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Brad’s Travel Diary

Friday, 27 Jan 2006

Location: Pokara, Nepal

MapTo begin with...


It is feeling rather stiff and sore that I write this update...We arrived back from our 12 day himalayan adventure last night, all feeling pretty exhausted but pretty proud that we'd

Just a quick summary of the whole thing:

We met our guide, Ram, in Kathmandu, then drove to Pokara, the second biggest city in Nepal and the starting place for most of the treks. We spent a day organising all the nessesary things, and on the 14th, got a minibus to the trailhead and so the adventures began! The first day was only four of five hours, and almost entirely through quite heavily populated villages. We spent our first night at a teahouse (standard trekking accomdation in Nepal comes complete with hot shower and pizza - luxury!), then had our first hard days walk the next day - seven or eight hours, all uphill. It was worth it though, as we got our first view of the mountains - the specetcatular Annapurna Range at sunset, with bright orange clouds boiling off the ridges and peaks of the mountains.

We got up for sunrise at the famous Poon Hill the next morning - I managed to fall over in the dark and very nearly break my nose, which would have been a fantastic start to day three...After the sunrise and for the next four days we continued over ridges, through valleys as the villages became smaller and smaller and the mountains more and more immense. By day seven we were really in the thick of things - walking up a valley towards the Annapurna Santuary and base camp, the only way inside a vast bowl of huge mountains. The geography is impossible to describe inside, but on day eight we got up for sunrise once more for the two hour walk along the edge of a gigantic morraine to the Annapurna base camp from where we were staying - the Matchapachuri base camp. Standing silent on the edge of a gigantic glacier and being surrounded by 7000m+ peaks was an unforgettable, awesome moment.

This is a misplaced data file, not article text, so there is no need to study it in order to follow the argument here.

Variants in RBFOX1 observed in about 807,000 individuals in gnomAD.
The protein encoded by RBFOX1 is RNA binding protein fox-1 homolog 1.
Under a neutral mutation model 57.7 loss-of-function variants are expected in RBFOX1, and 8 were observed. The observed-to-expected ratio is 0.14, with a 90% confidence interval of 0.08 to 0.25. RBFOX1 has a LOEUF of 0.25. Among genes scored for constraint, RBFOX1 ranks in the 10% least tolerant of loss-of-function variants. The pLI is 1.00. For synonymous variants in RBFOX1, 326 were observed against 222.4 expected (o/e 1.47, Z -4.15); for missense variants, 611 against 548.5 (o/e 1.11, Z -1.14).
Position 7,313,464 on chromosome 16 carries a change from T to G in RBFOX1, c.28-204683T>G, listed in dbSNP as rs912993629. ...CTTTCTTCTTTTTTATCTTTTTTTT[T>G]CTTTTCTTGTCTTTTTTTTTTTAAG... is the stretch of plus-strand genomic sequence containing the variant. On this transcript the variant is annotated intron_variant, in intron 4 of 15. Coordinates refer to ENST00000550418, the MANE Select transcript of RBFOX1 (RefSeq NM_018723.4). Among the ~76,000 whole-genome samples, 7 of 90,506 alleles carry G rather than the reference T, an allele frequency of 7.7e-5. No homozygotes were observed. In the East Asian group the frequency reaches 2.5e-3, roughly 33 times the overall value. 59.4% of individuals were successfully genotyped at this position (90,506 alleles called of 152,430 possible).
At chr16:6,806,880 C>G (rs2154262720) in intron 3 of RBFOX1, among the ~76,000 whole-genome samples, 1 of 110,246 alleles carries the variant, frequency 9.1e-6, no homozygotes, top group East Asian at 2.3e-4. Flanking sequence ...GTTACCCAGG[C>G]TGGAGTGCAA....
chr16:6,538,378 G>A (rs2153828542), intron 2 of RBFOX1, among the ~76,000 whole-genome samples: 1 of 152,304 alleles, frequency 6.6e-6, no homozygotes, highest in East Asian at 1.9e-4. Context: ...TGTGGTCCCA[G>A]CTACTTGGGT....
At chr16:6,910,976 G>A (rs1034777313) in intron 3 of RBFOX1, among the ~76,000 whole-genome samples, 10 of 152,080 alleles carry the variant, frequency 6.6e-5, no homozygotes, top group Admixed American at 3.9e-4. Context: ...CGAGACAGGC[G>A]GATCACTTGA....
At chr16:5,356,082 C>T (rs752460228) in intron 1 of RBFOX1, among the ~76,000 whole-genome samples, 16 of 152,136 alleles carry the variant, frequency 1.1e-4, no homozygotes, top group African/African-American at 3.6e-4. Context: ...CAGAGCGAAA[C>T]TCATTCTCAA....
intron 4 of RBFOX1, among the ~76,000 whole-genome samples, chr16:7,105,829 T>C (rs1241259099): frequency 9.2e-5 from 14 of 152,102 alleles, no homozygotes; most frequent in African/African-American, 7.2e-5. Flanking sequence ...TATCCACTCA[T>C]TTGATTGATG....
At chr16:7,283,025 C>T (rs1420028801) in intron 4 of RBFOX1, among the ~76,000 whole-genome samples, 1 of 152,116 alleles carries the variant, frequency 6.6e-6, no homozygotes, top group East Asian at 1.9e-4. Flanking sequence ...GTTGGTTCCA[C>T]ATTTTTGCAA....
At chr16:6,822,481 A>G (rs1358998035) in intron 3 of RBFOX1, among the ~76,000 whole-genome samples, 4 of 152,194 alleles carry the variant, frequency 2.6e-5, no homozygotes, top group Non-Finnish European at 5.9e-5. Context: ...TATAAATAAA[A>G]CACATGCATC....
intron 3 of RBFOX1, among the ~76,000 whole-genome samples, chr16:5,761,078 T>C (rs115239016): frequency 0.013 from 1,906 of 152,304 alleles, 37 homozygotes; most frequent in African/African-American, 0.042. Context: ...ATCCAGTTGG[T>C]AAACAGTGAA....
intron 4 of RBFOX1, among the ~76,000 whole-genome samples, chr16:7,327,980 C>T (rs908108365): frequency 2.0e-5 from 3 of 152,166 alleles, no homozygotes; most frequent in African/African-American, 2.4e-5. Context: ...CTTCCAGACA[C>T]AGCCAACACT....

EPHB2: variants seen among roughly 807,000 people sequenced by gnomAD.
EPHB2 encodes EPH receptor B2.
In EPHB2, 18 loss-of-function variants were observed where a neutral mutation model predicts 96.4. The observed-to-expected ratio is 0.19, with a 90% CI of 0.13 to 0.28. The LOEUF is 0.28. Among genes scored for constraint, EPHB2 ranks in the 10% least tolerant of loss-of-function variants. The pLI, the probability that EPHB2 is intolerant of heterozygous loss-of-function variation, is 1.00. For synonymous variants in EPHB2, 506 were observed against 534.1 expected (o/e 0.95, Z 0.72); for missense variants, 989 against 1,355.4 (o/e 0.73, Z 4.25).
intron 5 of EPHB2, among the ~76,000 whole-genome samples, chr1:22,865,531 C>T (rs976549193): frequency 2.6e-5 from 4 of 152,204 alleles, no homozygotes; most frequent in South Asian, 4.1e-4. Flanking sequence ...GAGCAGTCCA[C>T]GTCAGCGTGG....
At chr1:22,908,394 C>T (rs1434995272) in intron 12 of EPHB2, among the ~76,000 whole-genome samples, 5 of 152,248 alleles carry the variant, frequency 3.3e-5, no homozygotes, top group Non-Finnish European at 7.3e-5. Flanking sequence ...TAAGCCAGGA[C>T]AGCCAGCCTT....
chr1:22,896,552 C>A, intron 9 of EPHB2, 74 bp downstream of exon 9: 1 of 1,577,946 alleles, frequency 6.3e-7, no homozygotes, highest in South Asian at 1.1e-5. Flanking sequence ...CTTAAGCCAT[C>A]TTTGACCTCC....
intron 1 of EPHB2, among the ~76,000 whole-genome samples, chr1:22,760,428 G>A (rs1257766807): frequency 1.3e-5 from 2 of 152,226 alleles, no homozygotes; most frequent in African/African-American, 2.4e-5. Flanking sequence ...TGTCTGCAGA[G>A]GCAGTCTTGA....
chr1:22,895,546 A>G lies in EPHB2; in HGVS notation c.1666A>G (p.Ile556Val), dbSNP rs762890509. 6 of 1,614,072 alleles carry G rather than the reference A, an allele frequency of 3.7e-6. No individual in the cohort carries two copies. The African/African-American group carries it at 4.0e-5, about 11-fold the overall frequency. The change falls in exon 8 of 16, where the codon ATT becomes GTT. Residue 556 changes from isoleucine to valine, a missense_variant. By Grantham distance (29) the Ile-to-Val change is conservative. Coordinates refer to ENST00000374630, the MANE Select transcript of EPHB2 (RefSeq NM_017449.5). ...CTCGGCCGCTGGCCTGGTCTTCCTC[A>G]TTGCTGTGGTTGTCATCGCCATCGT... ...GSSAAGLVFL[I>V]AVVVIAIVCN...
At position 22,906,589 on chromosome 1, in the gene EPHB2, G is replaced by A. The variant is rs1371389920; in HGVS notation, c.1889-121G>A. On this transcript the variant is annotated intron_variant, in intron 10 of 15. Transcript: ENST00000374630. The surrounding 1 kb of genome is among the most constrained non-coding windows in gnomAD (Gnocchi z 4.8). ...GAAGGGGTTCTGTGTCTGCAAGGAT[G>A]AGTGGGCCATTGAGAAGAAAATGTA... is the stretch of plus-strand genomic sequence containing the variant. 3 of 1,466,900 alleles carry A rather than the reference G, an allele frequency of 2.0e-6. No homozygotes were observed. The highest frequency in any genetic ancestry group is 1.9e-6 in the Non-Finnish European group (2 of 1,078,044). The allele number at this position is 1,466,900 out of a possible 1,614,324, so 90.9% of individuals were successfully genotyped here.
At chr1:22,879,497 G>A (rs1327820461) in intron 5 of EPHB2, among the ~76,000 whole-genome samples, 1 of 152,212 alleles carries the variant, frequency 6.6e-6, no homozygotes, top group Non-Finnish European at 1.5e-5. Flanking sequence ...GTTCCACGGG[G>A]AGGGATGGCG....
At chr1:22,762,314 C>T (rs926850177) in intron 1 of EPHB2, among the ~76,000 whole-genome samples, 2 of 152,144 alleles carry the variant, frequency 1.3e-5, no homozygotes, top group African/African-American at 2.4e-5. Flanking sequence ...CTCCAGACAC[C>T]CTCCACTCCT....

The remaining days of the trek were of course, slowly making our way back to civillisation, but walking through the tiny villages adds a wonderful dimension to trekking - meeting children on their way home from school or being accosted by a few dozen Tibetan sheep makes it a wonderful cultural experience as well as an adventure. Our porters were also wonderful - three very cheery chaps with fairly good english who were always super obliging and ready to have a laugh. Our last day was originally intended to be a short walk to te road and then catch a bus, but due to some of the unrest in nepal a trasport strike had been called, and we had to walk and extra ten kilomters back to Pokara. It was pretty hard going, but a fantastic experience - because there were no cars on the the road, there were people and hundreds of children everywhere, playing all sorts of games (including an impressive new extreme sport for kids involving two teams of three kids, each team with one kid sitting on a few crushed plastic bottles and dragged along the road by the other two at high speeds, straight into the other team! Hehehe!). Anyway, we eventually made it back to our hotel at 7:30 that night, despite road blocks, many machine gun weilding soldiers, Maoist bomb threats and suicidal children.

I'm not sure what the plan is for the following days is, but the fam only have another four days in Nepal before flying to Delhi and then back for me, I have a few ideas about what comes next - the adventure continues, but is perhaps in its last phase...